In response, I say that this is true only at a scientific level, but not theologically. Believers today and believers in New Testament times still share the same basic theistic outlook. The ancient and contemporary Church believes in God, creation, sin, Christ, redemption, and so on. These common views establish a basis for the communion of the saints throughout the ages! Our faith has endured over time. We still say the Apostles' Creed today, and still mean it! That we may not have the same view of the circulatory system, or of the solar system, or that we use electricity and radios is just not that important. What matters is that there is a core set of Christian beliefs that define mere Christianity. These beliefs have been and still are believed by the elect. As Prof. Plantinga himself says in his own response to the Bultmannians, "the Word of God is not to be equated or identified with the cosmological and physiological assumptions of the writers of the Bible" (section 14). Amen! So, how Bultmann's arguments as such pose a serious problem for the use of the term worldview for Christians escapes me. [NOTE 2]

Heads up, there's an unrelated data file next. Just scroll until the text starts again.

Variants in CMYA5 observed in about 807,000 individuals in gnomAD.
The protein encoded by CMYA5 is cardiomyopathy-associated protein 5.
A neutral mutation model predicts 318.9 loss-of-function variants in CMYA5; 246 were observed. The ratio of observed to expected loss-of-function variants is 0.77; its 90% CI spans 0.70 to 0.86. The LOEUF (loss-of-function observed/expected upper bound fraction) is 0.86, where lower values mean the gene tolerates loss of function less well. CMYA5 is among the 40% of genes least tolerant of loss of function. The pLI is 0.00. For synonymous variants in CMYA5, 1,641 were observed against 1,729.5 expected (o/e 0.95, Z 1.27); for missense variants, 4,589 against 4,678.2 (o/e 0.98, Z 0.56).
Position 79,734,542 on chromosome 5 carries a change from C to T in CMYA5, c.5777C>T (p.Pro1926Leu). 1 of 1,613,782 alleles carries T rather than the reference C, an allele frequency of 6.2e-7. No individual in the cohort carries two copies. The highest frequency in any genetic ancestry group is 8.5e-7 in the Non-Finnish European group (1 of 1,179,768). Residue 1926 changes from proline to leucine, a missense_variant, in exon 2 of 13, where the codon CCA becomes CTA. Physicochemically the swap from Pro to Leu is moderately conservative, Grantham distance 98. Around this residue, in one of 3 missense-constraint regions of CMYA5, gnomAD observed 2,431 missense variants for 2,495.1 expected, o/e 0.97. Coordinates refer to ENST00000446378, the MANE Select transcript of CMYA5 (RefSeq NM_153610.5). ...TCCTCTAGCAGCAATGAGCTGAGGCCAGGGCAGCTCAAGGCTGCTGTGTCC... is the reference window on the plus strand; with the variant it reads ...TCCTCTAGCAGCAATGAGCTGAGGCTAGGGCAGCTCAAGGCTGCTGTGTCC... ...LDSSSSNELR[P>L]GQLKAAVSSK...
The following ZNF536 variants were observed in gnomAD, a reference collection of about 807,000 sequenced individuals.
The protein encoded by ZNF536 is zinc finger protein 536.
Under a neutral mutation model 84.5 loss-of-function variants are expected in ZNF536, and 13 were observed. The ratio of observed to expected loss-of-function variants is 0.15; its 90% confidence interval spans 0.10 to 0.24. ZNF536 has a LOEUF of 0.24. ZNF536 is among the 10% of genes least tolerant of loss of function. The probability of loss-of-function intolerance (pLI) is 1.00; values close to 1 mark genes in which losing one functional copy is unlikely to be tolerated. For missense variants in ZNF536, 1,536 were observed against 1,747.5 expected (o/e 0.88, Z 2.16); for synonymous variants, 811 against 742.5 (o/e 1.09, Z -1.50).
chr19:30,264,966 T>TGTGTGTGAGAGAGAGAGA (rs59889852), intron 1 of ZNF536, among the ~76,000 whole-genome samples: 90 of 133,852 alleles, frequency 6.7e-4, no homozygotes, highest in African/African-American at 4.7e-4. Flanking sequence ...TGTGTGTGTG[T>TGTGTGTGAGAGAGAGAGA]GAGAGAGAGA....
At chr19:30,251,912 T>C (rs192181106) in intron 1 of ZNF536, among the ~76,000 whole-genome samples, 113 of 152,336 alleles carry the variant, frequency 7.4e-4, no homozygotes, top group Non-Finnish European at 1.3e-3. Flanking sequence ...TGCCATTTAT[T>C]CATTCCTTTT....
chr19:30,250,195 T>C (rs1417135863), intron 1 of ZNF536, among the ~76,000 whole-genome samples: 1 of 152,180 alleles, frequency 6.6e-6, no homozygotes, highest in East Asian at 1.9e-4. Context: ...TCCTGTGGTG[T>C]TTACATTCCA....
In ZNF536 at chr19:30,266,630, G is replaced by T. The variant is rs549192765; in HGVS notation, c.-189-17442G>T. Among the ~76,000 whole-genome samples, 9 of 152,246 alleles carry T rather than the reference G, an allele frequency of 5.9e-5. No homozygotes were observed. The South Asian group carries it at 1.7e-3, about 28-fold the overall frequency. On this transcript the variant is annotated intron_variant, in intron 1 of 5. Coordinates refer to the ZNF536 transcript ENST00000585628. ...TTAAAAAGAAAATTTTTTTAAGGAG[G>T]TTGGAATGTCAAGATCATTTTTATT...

To conclude, these are my responses to Prof. Plantinga's concerns about worldview and about my book. I am grateful for this opportunity to respond. This discussion needs a wider audience. I hope that perhaps some day, at least an article in Books and Culture may be written. Perhaps even a conference on the theme of worldview may be held one day, perhaps in Dallas or in Ancaster!

Pax Christi,
David K. Naugle, Th.D., Ph.D.

If anyone would like to contact me about this response or my book, my e-mail address is:
[email protected]
My website address is:


Nicholas Wolterstorff, Educating for Life: Reflections on Christian Teaching and Learning, eds. Gloria Stronks and Clarence W. Joldersma (Grand Rapids: Baker, 2002), p. 107.

By the way, if anyone is interested in looking at Bultmann's use of Weltanschauung, see Hans Hubner, "Der Begriff 'Weltanschauung' bei Rudolf Bultmann." In Wandel und Bestand: Denkanstosse zum 21 Jahrhundert, 395-408. Paderborn, Germany: Bonifatius, 1995.